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    To most of its European settlers, New Zealand was a land blessed by Providence. A temperate climate and year-round rainfall, easy availability of land and myriad work opportunities attracted many to the new colony. Climate and health figured prominently in migration considerations and many writers took delight in pointing out, as propagandist John Ward did to intending migrants in 1839, that in New Zealand: A never-failing moisture is dispersed over the country by the clouds which collect on the mountain-tops, without the occurrence of rainy seasons, beyond storms of a few days’ duration. This refreshing moisture, combined with the influence of the sea-breezes, renders the climate very favourable to the health, and development, of the human frame. And vegetation is, from the same cause, highly luxuriant, and the verdure almost perpetual

    Labour as a constraint to increases in agricultural production : a comparative study of three distinctive farming environments within one agricultural system : a thesis presented in partial fulfilment of the requirements for the degree of Master of Arts in Geography at Massey University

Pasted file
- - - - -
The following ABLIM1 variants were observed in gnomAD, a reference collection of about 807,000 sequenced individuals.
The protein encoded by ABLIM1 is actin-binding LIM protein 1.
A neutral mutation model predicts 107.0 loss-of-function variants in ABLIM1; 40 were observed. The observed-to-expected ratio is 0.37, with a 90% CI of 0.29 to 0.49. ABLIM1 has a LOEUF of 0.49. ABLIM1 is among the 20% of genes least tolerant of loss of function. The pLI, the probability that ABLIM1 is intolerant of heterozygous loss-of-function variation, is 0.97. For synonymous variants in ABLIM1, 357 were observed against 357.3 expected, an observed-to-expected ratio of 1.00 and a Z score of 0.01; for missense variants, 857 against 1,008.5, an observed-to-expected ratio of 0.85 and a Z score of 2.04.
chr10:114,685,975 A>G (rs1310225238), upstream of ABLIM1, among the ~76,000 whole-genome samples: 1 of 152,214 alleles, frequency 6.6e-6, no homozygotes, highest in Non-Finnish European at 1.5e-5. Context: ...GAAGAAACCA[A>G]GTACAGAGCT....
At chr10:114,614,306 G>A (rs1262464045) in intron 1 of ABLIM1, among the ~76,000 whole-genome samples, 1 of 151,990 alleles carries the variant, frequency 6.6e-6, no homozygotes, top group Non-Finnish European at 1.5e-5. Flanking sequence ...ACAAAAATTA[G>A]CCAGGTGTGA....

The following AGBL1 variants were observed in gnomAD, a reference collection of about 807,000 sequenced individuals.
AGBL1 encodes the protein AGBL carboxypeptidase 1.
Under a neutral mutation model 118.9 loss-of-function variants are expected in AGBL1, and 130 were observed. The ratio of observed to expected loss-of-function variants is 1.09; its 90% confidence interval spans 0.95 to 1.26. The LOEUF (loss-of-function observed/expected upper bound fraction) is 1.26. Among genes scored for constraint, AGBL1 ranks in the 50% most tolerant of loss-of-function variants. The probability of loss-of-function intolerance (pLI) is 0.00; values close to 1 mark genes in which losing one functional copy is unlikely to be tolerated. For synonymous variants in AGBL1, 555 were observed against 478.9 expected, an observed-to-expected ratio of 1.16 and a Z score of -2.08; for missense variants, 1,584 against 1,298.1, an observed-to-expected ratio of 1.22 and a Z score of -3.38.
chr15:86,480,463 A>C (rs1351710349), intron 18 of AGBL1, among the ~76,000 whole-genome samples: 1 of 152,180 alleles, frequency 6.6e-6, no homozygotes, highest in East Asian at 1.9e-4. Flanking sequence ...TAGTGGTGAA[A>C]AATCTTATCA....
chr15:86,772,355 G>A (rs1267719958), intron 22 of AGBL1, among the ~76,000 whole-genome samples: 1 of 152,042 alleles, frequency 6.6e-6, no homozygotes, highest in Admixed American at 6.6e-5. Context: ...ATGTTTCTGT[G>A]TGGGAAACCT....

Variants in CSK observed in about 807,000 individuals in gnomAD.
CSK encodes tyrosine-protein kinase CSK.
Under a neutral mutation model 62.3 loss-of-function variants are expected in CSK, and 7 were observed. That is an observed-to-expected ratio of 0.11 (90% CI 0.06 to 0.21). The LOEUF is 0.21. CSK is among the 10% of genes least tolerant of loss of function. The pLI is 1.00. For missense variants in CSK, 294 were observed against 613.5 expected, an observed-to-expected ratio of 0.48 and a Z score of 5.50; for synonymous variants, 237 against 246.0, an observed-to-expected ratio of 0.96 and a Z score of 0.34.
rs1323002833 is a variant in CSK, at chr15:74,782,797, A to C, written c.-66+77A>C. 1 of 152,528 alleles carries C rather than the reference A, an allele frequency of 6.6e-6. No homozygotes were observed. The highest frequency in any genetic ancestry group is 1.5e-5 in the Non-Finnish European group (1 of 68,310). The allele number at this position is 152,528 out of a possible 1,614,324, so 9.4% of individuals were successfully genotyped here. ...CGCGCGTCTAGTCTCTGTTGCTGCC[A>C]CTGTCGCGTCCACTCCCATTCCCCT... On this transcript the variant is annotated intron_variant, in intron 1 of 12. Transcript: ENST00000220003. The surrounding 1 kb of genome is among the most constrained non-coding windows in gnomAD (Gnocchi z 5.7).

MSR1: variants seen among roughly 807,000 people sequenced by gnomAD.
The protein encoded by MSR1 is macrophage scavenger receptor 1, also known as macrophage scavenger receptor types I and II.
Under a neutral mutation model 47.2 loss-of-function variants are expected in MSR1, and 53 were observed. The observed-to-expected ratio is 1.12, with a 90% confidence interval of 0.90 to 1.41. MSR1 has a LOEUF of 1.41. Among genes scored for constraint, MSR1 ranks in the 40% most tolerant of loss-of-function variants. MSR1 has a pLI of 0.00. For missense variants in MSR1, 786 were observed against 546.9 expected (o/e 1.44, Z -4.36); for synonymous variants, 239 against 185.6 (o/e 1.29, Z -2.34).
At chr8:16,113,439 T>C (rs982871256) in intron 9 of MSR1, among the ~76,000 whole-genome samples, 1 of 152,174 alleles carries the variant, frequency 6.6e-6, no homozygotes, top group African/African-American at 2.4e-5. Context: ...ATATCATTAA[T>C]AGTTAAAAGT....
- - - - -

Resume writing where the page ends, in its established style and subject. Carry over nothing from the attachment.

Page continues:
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    A critical question facing economic policymakers today is whether agriculture will be able to play its traditional role in lifting export earnings through increases in the volume of production. One factor which is thought to have constrained agricultural development is the availability and price of farm labour. The following study examines the dimensions of the "labour problem" and attempts to assess the impact of this problem on an expansion of agricultural output. The research draws extensively on geographical principles for the spatial design. One farming system is selected, and within this, the farm labour problem is examined in three distinctive environments, differentiated by topographical criteria and a gradient of isolation from a major urban area. The labour problem, conceptualised in the four dimensions of cost, availability, retention and efficiency, is assessed within these environments. From the empirical research, the labour problem appears to be of greater magnitude in the hill country farm environment, which is considered by recent agricultural appraisals as having the potential for immediate, sustainable and sizable production increases. This raises implications for future policy formulation. The study arrives at two principal conclusions. Firstly, the cost of the labour unit is the major inhibiting factor to increased employment on farms. Secondly, the on-farm shortage of skilled labour does not appear to have a limiting impact on production levels between farms, but it does elicit a certain management response towards less labour-intensive systems of production. The short and long term production consequences of this are as yet uncertain, and should provide a major focus for research in the 1980's